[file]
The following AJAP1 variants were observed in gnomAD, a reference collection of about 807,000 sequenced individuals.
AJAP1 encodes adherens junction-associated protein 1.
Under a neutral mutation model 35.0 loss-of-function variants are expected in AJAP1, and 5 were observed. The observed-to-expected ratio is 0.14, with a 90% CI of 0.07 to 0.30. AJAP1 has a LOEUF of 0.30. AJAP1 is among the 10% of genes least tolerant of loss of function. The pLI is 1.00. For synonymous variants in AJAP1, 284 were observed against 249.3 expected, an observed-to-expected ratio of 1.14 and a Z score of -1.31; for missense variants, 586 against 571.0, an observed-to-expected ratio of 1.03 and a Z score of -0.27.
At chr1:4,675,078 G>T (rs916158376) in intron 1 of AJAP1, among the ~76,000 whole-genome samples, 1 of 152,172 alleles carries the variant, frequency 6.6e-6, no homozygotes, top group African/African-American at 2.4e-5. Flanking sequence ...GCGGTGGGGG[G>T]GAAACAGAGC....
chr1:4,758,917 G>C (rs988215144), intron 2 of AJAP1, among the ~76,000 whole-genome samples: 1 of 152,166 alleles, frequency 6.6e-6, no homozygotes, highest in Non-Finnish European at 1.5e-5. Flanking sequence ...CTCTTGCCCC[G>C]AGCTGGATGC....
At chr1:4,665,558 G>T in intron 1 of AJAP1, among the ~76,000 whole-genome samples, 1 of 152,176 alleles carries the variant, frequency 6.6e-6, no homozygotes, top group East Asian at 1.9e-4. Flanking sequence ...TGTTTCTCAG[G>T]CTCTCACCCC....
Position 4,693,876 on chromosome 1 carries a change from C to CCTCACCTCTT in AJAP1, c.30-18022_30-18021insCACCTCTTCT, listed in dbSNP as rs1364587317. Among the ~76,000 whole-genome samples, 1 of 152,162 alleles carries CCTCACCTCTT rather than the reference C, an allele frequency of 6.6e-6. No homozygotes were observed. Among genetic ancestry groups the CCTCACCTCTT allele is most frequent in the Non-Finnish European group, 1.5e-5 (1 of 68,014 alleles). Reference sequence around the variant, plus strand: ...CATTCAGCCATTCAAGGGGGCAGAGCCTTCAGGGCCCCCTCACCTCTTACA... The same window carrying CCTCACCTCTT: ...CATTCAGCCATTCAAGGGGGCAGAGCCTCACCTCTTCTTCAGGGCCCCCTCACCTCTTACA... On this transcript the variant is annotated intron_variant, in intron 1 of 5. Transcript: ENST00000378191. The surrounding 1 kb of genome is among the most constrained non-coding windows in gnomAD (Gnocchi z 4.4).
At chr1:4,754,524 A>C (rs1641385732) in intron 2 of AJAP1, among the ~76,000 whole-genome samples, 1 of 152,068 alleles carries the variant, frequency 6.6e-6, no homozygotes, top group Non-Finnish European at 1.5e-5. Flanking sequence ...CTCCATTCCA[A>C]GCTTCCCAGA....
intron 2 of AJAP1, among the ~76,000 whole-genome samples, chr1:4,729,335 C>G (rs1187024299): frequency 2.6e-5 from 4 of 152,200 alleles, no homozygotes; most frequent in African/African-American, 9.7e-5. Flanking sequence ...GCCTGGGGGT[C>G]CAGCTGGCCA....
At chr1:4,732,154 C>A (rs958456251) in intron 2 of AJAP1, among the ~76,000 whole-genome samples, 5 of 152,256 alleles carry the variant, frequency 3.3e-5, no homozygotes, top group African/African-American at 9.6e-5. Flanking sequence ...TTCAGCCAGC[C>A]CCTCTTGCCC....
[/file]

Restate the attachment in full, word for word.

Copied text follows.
The following AJAP1 variants were observed in gnomAD, a reference collection of about 807,000 sequenced individuals.
AJAP1 encodes adherens junction-associated protein 1.
Under a neutral mutation model 35.0 loss-of-function variants are expected in AJAP1, and 5 were observed. The observed-to-expected ratio is 0.14, with a 90% CI of 0.07 to 0.30. AJAP1 has a LOEUF of 0.30. AJAP1 is among the 10% of genes least tolerant of loss of function. The pLI is 1.00. For synonymous variants in AJAP1, 284 were observed against 249.3 expected, an observed-to-expected ratio of 1.14 and a Z score of -1.31; for missense variants, 586 against 571.0, an observed-to-expected ratio of 1.03 and a Z score of -0.27.
At chr1:4,675,078 G>T (rs916158376) in intron 1 of AJAP1, among the ~76,000 whole-genome samples, 1 of 152,172 alleles carries the variant, frequency 6.6e-6, no homozygotes, top group African/African-American at 2.4e-5. Flanking sequence ...GCGGTGGGGG[G>T]GAAACAGAGC....
chr1:4,758,917 G>C (rs988215144), intron 2 of AJAP1, among the ~76,000 whole-genome samples: 1 of 152,166 alleles, frequency 6.6e-6, no homozygotes, highest in Non-Finnish European at 1.5e-5. Flanking sequence ...CTCTTGCCCC[G>C]AGCTGGATGC....
At chr1:4,665,558 G>T in intron 1 of AJAP1, among the ~76,000 whole-genome samples, 1 of 152,176 alleles carries the variant, frequency 6.6e-6, no homozygotes, top group East Asian at 1.9e-4. Flanking sequence ...TGTTTCTCAG[G>T]CTCTCACCCC....
Position 4,693,876 on chromosome 1 carries a change from C to CCTCACCTCTT in AJAP1, c.30-18022_30-18021insCACCTCTTCT, listed in dbSNP as rs1364587317. Among the ~76,000 whole-genome samples, 1 of 152,162 alleles carries CCTCACCTCTT rather than the reference C, an allele frequency of 6.6e-6. No homozygotes were observed. Among genetic ancestry groups the CCTCACCTCTT allele is most frequent in the Non-Finnish European group, 1.5e-5 (1 of 68,014 alleles). Reference sequence around the variant, plus strand: ...CATTCAGCCATTCAAGGGGGCAGAGCCTTCAGGGCCCCCTCACCTCTTACA... The same window carrying CCTCACCTCTT: ...CATTCAGCCATTCAAGGGGGCAGAGCCTCACCTCTTCTTCAGGGCCCCCTCACCTCTTACA... On this transcript the variant is annotated intron_variant, in intron 1 of 5. Transcript: ENST00000378191. The surrounding 1 kb of genome is among the most constrained non-coding windows in gnomAD (Gnocchi z 4.4).
At chr1:4,754,524 A>C (rs1641385732) in intron 2 of AJAP1, among the ~76,000 whole-genome samples, 1 of 152,068 alleles carries the variant, frequency 6.6e-6, no homozygotes, top group Non-Finnish European at 1.5e-5. Flanking sequence ...CTCCATTCCA[A>C]GCTTCCCAGA....
intron 2 of AJAP1, among the ~76,000 whole-genome samples, chr1:4,729,335 C>G (rs1187024299): frequency 2.6e-5 from 4 of 152,200 alleles, no homozygotes; most frequent in African/African-American, 9.7e-5. Flanking sequence ...GCCTGGGGGT[C>G]CAGCTGGCCA....
At chr1:4,732,154 C>A (rs958456251) in intron 2 of AJAP1, among the ~76,000 whole-genome samples, 5 of 152,256 alleles carry the variant, frequency 3.3e-5, no homozygotes, top group African/African-American at 9.6e-5. Flanking sequence ...TTCAGCCAGC[C>A]CCTCTTGCCC....